// Displaying the 2D vector
      cout<<"2D vector : ";
      cout<<endl;
      for (int i = 0; i < odd_vect.size(); i++) {
         for (int j = 0; j < odd_vect[i].size(); j++)
            cout << odd_vect[i][j] << " ";
         cout << endl;
}
 
      return 0;
}

Output:

2D vector :
1 3 5
7 9 11
13 15 17

In the above example, note the way in which the 2D vector is defined. It’s defined as a vector inside another vector. While displaying this 2D vector, we use the same approach as that of displaying 2D arrays.

Vector Example

Given below is a vector example that contains most of the vector operations.

#include <iostream>
#include <vector>
using namespace std;
 
int main()
   {
      // Assign vector
      vector<int> myvec;
      // assign value 10 5 times
      myvec.assign(5, 10);
 
      cout << "The vector elements: ";
      for (int i = 0; i < myvec.size(); i++)
         cout << myvec[i] << " ";
 
      // push value 5 in myvec
      myvec.push_back(5);
      int n = myvec.size();
      cout << "\nThe new vector after push_back:";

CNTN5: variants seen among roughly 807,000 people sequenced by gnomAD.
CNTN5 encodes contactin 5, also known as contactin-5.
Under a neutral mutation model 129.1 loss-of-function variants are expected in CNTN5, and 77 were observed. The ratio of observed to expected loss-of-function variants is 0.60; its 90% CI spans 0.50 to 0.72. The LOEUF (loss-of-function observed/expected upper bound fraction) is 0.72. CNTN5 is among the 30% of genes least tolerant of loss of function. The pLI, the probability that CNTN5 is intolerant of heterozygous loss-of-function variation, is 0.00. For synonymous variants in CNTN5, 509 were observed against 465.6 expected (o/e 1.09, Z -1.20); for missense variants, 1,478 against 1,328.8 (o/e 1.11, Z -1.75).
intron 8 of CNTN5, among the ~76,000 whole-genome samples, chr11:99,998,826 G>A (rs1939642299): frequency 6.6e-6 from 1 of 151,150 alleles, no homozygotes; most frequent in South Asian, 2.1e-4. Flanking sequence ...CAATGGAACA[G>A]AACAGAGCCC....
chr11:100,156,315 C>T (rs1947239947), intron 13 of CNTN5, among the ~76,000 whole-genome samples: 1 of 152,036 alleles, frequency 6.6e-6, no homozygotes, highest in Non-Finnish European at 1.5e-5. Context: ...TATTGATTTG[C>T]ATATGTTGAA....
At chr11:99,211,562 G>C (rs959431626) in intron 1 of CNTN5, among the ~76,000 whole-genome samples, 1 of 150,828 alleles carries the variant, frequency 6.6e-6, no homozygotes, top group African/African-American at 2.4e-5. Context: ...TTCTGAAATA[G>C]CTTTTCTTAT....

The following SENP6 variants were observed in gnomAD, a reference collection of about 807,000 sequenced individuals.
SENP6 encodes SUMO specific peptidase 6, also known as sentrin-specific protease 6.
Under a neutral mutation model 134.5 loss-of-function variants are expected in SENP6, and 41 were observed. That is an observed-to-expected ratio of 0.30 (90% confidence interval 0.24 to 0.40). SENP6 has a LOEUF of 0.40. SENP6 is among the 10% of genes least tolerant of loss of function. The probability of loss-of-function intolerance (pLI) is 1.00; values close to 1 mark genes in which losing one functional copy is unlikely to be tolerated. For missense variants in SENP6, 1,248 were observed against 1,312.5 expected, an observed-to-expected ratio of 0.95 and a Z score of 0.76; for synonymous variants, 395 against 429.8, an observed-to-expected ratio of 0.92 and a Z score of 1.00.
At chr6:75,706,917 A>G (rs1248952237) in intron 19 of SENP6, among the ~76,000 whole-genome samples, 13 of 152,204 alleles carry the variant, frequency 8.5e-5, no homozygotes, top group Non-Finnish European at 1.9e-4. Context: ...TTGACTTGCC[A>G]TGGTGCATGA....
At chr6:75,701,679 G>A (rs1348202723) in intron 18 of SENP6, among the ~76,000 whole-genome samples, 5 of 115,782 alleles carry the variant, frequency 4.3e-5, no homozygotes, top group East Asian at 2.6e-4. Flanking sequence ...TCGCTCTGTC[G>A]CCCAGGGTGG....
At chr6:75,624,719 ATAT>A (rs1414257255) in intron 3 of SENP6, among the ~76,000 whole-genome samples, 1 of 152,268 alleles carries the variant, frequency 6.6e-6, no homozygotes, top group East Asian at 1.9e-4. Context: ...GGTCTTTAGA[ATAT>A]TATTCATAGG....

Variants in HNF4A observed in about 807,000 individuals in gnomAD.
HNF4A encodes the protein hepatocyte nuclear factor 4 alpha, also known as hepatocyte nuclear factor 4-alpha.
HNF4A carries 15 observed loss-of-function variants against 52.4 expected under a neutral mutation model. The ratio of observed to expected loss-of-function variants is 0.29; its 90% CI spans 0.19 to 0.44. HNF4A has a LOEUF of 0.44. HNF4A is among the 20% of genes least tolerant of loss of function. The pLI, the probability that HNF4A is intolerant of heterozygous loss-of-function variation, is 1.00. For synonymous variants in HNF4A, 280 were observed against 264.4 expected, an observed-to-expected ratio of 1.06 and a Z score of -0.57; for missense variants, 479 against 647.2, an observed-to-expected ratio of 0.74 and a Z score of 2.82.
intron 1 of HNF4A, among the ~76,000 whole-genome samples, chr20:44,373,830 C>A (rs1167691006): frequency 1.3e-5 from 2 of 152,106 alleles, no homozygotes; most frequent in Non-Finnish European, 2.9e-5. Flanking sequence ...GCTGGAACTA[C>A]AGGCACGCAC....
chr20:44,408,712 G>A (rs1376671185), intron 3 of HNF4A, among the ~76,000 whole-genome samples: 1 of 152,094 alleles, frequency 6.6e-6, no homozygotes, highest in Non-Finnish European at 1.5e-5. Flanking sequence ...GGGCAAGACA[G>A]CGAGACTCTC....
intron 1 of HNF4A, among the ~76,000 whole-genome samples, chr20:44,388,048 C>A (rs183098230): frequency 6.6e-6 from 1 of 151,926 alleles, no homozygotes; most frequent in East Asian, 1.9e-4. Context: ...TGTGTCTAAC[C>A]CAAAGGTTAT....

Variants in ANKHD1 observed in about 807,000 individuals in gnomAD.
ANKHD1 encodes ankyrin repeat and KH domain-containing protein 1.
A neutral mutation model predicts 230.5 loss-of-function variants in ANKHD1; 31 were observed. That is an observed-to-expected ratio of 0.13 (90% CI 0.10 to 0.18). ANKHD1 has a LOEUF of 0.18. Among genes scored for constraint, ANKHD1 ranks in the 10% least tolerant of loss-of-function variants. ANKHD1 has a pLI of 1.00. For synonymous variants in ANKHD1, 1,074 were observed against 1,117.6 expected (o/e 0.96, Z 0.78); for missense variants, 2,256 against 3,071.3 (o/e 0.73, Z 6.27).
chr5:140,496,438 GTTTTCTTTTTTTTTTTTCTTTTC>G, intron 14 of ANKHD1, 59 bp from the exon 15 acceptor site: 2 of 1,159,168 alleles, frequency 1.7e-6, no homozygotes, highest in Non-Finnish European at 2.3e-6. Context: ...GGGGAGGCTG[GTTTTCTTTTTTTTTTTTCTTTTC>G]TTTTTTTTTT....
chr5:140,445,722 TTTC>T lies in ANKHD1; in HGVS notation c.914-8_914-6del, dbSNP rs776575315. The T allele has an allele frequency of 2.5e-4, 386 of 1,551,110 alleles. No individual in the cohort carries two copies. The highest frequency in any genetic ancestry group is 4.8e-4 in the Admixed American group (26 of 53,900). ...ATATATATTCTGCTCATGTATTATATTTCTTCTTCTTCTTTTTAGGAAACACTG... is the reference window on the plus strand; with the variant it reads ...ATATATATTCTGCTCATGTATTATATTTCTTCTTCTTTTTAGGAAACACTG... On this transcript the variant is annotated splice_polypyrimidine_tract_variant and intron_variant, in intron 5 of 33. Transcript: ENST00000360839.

for (int i = 0; i < myvec.size(); i++)
         cout << myvec[i] << " ";
   
      // pop the element
      myvec.pop_back();
      cout<<"\nNew vector after pop_back : ";
      for (int i = 0; i < myvec.size(); i++)
         cout << myvec[i] << " ";
       
      // inserts 20 at the beginning
      myvec.insert(myvec.begin(), 20);
      cout << "\nNew vector after insert: ";
      for (int i = 0; i < myvec.size(); i++)
         cout << myvec[i] << " ";
 
      // remove the first element
      myvec.erase(myvec.begin());
      cout<<"\nVector size after erase: "<<myvec.size();
      cout << "\nAfter erase first element: ";
      for (int i = 0; i < myvec.size(); i++)
         cout<<myvec[i]<<" " ;
}

Output:

The vector elements: 10 10 10 10 10
The new vector after push_back:10 10 10 10 10 5
New vector after pop_back : 10 10 10 10 10
New vector after insert: 20 10 10 10 10 10
Vector size after erase: 5
After erase first element: 10 10 10 10 10

Following is the screenshot for the same.

vector Example Output

In the above example, we declare a vector and then using assign and push_back functions, enter elements in the vector. Then we use function pop_back to remove an element from the end of the vector. After that, we again add one element to the vector using the insert element and then erase the element using the erase function.

This is an end-to-end example of the vector container demonstrating its various functions.

Conclusion

With this, we have come to the end of this tutorial on vector.

In our upcoming tutorial, we will learn about the ‘list’ container of STL which is similar to the lines of arrays and vectors.